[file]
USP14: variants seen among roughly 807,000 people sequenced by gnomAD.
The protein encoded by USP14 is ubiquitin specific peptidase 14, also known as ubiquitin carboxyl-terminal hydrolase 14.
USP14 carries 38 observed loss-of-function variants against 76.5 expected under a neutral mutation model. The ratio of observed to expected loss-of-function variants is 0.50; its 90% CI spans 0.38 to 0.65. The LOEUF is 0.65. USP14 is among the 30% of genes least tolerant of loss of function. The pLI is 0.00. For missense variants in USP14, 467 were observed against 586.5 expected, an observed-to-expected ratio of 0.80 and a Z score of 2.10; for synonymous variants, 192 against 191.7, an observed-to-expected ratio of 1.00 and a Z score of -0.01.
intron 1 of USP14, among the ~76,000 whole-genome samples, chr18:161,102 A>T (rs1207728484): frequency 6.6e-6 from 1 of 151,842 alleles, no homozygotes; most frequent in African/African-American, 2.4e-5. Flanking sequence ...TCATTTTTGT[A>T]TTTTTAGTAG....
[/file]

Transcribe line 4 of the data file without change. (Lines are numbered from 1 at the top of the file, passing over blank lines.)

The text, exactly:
intron 1 of USP14, among the ~76,000 whole-genome samples, chr18:161,102 A>T (rs1207728484): frequency 6.6e-6 from 1 of 151,842 alleles, no homozygotes; most frequent in African/African-American, 2.4e-5. Flanking sequence ...TCATTTTTGT[A>T]TTTTTAGTAG....